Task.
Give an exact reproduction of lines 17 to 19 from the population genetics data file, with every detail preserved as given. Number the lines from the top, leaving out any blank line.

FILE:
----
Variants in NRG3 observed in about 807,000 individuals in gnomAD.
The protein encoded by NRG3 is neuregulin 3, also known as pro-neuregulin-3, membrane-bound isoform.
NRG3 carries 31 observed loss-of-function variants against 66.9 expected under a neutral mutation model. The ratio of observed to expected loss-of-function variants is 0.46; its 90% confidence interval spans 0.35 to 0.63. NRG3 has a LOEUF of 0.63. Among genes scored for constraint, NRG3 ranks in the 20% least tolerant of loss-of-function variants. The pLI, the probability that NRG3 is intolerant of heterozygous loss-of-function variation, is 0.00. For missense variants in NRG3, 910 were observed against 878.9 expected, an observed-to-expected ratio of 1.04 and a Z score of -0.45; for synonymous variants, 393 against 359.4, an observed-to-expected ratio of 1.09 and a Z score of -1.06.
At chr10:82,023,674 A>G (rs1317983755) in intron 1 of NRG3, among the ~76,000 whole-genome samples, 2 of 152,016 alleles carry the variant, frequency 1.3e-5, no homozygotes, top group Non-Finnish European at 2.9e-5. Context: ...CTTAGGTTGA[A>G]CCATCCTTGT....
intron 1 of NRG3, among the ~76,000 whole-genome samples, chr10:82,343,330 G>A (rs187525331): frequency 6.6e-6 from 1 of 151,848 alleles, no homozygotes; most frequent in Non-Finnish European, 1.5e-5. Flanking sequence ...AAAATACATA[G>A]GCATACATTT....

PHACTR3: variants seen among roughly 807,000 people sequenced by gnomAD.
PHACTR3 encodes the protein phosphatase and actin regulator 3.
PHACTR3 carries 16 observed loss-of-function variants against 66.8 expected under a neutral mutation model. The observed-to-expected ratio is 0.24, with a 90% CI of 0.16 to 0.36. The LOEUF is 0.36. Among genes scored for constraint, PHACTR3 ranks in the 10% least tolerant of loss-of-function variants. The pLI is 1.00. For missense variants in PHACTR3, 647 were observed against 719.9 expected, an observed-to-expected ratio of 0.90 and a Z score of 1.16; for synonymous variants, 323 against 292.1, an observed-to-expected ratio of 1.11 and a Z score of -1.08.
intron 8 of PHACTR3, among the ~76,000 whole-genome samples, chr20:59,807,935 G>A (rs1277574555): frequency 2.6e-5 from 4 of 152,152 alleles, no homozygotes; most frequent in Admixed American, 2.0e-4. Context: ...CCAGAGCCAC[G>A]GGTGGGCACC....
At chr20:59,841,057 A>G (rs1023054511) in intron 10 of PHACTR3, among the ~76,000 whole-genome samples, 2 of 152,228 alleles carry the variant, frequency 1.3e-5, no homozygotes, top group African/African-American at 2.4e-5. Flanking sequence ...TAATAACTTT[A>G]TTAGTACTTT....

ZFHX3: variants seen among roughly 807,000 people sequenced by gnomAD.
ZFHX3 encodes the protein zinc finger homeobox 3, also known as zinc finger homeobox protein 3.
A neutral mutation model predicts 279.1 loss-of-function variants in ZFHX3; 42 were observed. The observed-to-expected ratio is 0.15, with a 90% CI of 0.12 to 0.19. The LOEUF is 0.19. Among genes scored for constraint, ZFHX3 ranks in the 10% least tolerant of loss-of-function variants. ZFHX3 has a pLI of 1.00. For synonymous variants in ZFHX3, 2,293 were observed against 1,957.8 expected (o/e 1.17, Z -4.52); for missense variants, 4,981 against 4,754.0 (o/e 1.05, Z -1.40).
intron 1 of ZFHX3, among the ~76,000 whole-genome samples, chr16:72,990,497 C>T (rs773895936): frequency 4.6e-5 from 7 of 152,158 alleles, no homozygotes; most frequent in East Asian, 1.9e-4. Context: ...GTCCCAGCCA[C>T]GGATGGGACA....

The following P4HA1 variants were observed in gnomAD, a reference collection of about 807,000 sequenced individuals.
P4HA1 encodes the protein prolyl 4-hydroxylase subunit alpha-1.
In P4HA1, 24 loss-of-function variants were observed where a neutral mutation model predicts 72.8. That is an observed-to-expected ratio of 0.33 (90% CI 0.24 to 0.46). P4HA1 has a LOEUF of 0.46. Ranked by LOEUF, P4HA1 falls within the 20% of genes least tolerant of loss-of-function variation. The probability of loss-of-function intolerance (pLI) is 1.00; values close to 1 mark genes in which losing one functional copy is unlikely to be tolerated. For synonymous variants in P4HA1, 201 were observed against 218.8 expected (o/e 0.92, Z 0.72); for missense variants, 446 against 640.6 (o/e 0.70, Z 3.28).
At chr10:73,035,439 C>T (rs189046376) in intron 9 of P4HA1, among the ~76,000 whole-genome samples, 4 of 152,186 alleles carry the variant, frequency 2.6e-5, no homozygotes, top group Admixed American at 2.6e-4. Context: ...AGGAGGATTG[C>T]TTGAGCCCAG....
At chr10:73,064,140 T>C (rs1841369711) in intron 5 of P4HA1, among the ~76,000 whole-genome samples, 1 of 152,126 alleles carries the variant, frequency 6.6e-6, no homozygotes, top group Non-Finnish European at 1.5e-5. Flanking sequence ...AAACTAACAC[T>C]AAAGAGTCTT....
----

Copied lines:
In P4HA1, 24 loss-of-function variants were observed where a neutral mutation model predicts 72.8. That is an observed-to-expected ratio of 0.33 (90% CI 0.24 to 0.46). P4HA1 has a LOEUF of 0.46. Ranked by LOEUF, P4HA1 falls within the 20% of genes least tolerant of loss-of-function variation. The probability of loss-of-function intolerance (pLI) is 1.00; values close to 1 mark genes in which losing one functional copy is unlikely to be tolerated. For synonymous variants in P4HA1, 201 were observed against 218.8 expected (o/e 0.92, Z 0.72); for missense variants, 446 against 640.6 (o/e 0.70, Z 3.28).
At chr10:73,035,439 C>T (rs189046376) in intron 9 of P4HA1, among the ~76,000 whole-genome samples, 4 of 152,186 alleles carry the variant, frequency 2.6e-5, no homozygotes, top group Admixed American at 2.6e-4. Context: ...AGGAGGATTG[C>T]TTGAGCCCAG....
At chr10:73,064,140 T>C (rs1841369711) in intron 5 of P4HA1, among the ~76,000 whole-genome samples, 1 of 152,126 alleles carries the variant, frequency 6.6e-6, no homozygotes, top group Non-Finnish European at 1.5e-5. Flanking sequence ...AAACTAACAC[T>C]AAAGAGTCTT....